An old blue and pink house was demolished recently to make way for a new microhousing development.
Last day to comment on microhousing regulations
Today is the last day to comment on the Department of Planning and Development's proposed microhousing legislation, which seeks to set rules on the controversial "aPodment" wave that started in Capitol Hill and has rippled its way out to Ballard.
We have reported on a couple instances of microhousing happening in Ballard, the one with the most lashback so far being the development taking place at 1715 NW 56th St.
While some argue that the aPodments offer a creative method of affordable housing -- a growing crisis in the Ballard neighborhood as it transitions into a bustling, hip neighborhood -- neighbors are worried that microhousing will change the very character of the community. They also feel that developers are abusing the land use code any way they can to make a "quick buck."
According to project documents, DPD has proposed the following 10 actions to clarify regulation of microhousing:
1. Define “micro-housing” and “micro” under Residential Use within the Land Use Code.
2. Prohibit micro-housing developments in single-family zones.
3. Apply a design review threshold for micro-housing and congregate residences by the size of the building (not number of dwelling units).
4. Update development standards for micro-housing and congregate residences to add a minimum size requirement for shared kitchens and common areas.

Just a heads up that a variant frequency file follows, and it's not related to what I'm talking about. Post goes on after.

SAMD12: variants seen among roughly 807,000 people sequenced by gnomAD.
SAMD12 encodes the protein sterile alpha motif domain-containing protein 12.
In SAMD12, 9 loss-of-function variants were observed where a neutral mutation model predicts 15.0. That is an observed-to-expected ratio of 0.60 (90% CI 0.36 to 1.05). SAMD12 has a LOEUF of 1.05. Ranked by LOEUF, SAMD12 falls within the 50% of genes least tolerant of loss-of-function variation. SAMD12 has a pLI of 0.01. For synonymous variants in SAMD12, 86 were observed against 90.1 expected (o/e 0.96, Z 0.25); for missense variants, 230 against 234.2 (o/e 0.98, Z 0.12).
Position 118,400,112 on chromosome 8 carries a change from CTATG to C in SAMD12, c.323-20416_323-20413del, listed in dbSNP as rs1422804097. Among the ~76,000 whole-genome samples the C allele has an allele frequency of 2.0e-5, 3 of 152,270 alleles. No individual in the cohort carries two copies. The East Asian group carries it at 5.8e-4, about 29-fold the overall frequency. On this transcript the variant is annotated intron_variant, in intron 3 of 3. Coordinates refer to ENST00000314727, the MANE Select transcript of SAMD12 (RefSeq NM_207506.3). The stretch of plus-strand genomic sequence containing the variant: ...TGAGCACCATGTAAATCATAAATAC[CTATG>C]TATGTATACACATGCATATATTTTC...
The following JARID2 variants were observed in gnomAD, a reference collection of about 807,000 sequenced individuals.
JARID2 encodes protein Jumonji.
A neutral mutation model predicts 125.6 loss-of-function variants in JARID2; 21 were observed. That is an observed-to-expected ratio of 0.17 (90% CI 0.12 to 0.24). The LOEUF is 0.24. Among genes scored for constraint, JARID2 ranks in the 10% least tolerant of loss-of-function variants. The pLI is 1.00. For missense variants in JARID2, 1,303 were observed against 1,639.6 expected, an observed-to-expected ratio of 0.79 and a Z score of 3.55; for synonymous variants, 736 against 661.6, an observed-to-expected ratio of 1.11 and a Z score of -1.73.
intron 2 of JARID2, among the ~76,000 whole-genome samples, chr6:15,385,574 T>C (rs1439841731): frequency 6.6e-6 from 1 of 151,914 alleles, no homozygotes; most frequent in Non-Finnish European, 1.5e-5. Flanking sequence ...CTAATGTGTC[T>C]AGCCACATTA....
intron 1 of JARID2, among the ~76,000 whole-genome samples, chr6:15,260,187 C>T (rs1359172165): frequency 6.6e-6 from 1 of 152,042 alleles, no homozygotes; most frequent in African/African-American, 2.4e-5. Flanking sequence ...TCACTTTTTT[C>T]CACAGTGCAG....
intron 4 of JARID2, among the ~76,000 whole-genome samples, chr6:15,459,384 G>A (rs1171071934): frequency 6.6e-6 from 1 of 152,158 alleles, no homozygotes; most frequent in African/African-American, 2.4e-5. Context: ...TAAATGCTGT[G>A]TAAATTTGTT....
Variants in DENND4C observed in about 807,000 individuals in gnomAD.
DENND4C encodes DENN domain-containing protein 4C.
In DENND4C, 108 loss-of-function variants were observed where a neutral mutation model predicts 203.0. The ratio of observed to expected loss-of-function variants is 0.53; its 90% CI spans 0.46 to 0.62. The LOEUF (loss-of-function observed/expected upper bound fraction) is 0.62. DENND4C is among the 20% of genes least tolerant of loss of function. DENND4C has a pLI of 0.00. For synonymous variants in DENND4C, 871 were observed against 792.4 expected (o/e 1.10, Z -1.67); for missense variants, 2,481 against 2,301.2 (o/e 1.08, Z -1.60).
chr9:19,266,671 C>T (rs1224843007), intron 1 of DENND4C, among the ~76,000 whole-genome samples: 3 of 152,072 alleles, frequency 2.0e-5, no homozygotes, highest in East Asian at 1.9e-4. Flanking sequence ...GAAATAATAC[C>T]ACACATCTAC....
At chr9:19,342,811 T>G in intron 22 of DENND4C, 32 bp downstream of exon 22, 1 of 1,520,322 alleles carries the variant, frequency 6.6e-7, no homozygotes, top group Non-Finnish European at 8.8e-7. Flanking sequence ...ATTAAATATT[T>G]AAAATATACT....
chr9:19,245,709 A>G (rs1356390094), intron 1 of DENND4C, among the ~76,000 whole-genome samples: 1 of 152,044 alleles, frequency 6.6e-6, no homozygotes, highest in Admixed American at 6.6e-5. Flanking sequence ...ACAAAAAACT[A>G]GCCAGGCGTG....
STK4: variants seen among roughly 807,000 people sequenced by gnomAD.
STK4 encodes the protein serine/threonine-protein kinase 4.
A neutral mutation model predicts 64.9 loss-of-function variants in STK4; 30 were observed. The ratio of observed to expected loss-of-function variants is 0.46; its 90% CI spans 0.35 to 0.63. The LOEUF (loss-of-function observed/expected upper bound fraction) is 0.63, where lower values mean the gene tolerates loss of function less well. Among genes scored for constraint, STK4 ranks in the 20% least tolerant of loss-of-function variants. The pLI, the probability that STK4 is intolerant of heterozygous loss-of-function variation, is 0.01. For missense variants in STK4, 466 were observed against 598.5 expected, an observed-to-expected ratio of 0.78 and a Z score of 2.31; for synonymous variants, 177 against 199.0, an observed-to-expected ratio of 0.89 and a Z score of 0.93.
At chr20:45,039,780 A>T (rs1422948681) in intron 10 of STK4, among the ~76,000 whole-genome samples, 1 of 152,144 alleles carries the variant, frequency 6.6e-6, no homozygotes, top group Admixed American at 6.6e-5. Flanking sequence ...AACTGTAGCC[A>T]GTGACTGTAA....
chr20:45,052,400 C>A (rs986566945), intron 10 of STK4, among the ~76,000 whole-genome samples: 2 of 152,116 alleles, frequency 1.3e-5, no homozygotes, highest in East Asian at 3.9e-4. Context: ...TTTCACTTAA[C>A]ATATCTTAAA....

5. Limit kitchen components in individual micros and sleeping rooms to differentiate from dwelling units.
6. Update development standards to ensure appropriate size of refuse collection areas in micro- housing and congregate residence developments.
7. Update development standards for quantity of required vehicle and bicycle parking in micro- housing and congregate residence developments.
8. Clarify eligibility for Restricted Parking Zone (RPZ) passes for occupants of micro-housing and congregate residences.
9. Account for micro-housing and congregate residence sleeping rooms in progress towards residential growth targets.
10. Deepen the required affordability levels for participation in incentive zoning for affordable housing for projects with micro-housing or congregate residences, and for very small studio apartments.
You can email your feedback or ideas to email@example.com or firstname.lastname@example.org.
For more info, visit http://seattle.gov/dpd/codesrules/changestocode/micros/whatwhy/
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